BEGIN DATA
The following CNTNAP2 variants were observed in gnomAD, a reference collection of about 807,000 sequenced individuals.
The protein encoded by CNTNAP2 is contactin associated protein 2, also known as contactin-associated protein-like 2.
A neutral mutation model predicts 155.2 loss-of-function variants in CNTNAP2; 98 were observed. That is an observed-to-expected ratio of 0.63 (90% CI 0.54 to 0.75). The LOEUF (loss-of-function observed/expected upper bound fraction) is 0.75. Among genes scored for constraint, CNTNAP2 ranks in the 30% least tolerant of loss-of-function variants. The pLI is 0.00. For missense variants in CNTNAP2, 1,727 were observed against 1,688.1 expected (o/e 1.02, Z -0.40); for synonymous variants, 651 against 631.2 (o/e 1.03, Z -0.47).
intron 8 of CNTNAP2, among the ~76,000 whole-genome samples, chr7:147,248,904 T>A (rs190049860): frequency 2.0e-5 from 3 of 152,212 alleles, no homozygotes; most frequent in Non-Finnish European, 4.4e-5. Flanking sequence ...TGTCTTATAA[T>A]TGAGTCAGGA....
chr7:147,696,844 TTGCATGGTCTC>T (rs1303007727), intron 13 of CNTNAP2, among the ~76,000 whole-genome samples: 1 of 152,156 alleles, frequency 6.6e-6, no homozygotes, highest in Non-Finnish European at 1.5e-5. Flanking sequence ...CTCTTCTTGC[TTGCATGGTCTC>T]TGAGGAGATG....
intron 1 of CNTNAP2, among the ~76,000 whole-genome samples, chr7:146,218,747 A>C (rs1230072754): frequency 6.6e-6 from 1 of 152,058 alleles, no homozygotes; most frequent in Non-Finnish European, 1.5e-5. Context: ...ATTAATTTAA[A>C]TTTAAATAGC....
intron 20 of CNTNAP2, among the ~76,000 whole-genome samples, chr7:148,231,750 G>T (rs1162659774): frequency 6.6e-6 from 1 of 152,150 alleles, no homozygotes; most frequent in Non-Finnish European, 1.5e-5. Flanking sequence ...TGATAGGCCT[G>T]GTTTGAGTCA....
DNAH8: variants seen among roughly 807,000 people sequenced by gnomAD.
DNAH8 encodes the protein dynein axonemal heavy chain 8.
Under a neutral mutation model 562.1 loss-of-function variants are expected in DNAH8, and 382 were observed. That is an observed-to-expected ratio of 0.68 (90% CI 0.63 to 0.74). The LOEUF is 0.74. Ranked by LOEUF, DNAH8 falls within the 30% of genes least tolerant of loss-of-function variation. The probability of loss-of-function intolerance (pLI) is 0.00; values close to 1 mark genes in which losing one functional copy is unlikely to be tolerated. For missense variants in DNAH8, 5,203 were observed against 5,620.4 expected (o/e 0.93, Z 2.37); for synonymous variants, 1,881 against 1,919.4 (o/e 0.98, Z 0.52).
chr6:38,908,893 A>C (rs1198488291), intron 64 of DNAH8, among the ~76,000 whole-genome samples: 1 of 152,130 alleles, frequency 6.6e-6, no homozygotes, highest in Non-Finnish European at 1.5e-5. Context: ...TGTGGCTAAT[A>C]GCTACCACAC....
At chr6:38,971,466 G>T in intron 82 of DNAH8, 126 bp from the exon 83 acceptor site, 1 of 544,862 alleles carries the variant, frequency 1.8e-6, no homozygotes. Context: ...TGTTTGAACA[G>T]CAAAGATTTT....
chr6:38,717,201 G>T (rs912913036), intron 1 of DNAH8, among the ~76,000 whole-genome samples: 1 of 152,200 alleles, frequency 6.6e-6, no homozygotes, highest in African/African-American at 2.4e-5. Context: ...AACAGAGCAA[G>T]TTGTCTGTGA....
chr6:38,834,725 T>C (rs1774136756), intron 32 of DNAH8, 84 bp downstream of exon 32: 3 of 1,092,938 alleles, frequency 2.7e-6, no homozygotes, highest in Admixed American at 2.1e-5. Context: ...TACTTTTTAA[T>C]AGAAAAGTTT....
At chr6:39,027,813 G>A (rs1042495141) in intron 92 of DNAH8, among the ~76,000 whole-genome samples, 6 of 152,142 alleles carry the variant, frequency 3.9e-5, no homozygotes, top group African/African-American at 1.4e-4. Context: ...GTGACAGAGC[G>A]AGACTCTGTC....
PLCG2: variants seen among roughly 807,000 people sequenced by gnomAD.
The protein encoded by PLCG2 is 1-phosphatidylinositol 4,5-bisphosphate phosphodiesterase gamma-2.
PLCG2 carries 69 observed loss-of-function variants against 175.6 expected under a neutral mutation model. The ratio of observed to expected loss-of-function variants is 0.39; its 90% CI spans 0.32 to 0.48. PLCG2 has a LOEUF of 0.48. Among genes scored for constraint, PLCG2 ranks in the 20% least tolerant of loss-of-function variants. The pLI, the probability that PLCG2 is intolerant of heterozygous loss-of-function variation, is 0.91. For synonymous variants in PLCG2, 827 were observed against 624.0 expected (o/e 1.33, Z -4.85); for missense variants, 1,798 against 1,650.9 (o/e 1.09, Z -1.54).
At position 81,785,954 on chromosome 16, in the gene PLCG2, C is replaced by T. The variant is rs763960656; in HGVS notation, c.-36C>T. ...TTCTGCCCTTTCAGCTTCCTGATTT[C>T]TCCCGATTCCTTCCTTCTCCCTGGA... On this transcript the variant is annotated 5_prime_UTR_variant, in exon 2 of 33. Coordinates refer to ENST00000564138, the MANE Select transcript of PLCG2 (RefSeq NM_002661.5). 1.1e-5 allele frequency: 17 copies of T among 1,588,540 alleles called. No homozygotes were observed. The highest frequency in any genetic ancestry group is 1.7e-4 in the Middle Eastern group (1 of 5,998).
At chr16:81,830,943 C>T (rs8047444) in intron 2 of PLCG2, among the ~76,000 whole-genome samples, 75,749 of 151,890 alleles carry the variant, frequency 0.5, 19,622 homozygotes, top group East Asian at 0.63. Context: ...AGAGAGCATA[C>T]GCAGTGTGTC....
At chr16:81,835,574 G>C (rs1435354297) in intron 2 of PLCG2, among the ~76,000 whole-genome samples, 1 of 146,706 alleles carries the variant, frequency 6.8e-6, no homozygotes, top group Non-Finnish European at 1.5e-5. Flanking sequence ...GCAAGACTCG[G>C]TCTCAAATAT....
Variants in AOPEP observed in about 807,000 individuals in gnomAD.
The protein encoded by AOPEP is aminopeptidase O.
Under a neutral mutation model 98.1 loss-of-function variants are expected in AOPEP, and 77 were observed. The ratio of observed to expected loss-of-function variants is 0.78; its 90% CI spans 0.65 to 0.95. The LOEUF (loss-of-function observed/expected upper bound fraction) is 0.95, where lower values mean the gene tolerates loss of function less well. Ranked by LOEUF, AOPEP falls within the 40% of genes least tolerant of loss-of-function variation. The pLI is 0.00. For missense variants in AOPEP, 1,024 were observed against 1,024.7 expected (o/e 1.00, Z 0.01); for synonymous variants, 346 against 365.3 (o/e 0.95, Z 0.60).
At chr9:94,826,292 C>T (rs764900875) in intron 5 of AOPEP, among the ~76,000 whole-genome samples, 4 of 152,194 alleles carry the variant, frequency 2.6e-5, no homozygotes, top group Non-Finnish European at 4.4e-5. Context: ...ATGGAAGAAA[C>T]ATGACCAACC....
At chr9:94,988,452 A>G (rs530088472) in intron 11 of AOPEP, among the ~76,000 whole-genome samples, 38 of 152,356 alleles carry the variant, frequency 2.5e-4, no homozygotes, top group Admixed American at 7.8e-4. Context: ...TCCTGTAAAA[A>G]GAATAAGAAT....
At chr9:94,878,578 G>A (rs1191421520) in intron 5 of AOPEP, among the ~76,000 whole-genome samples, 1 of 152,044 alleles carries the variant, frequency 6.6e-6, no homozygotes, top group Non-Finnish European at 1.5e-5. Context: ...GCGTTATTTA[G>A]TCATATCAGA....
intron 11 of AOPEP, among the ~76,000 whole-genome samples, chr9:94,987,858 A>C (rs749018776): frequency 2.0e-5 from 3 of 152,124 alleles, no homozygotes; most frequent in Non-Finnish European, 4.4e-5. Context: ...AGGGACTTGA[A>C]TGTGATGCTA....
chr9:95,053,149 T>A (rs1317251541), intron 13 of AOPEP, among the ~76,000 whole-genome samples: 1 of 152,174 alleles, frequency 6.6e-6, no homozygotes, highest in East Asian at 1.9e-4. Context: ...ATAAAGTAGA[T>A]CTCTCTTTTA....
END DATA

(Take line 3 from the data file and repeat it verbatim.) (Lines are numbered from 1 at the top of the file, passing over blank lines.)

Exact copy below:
A neutral mutation model predicts 155.2 loss-of-function variants in CNTNAP2; 98 were observed. That is an observed-to-expected ratio of 0.63 (90% CI 0.54 to 0.75). The LOEUF (loss-of-function observed/expected upper bound fraction) is 0.75. Among genes scored for constraint, CNTNAP2 ranks in the 30% least tolerant of loss-of-function variants. The pLI is 0.00. For missense variants in CNTNAP2, 1,727 were observed against 1,688.1 expected (o/e 1.02, Z -0.40); for synonymous variants, 651 against 631.2 (o/e 1.03, Z -0.47).